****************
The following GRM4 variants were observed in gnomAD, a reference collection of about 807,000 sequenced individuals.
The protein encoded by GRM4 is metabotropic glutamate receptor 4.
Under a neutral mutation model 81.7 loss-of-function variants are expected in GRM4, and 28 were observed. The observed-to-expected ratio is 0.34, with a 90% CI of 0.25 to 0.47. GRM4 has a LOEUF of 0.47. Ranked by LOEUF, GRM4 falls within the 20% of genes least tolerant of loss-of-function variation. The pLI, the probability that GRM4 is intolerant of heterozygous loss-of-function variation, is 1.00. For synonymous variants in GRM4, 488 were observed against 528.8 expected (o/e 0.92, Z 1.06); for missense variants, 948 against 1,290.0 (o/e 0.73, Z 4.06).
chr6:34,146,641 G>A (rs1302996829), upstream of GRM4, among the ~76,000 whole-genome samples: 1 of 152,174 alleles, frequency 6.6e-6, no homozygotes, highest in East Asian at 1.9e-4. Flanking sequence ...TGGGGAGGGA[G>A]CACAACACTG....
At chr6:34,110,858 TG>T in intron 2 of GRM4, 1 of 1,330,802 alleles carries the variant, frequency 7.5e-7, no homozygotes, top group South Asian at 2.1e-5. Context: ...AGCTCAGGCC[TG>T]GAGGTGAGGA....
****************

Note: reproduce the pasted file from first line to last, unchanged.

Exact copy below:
The following GRM4 variants were observed in gnomAD, a reference collection of about 807,000 sequenced individuals.
The protein encoded by GRM4 is metabotropic glutamate receptor 4.
Under a neutral mutation model 81.7 loss-of-function variants are expected in GRM4, and 28 were observed. The observed-to-expected ratio is 0.34, with a 90% CI of 0.25 to 0.47. GRM4 has a LOEUF of 0.47. Ranked by LOEUF, GRM4 falls within the 20% of genes least tolerant of loss-of-function variation. The pLI, the probability that GRM4 is intolerant of heterozygous loss-of-function variation, is 1.00. For synonymous variants in GRM4, 488 were observed against 528.8 expected (o/e 0.92, Z 1.06); for missense variants, 948 against 1,290.0 (o/e 0.73, Z 4.06).
chr6:34,146,641 G>A (rs1302996829), upstream of GRM4, among the ~76,000 whole-genome samples: 1 of 152,174 alleles, frequency 6.6e-6, no homozygotes, highest in East Asian at 1.9e-4. Flanking sequence ...TGGGGAGGGA[G>A]CACAACACTG....
At chr6:34,110,858 TG>T in intron 2 of GRM4, 1 of 1,330,802 alleles carries the variant, frequency 7.5e-7, no homozygotes, top group South Asian at 2.1e-5. Context: ...AGCTCAGGCC[TG>T]GAGGTGAGGA....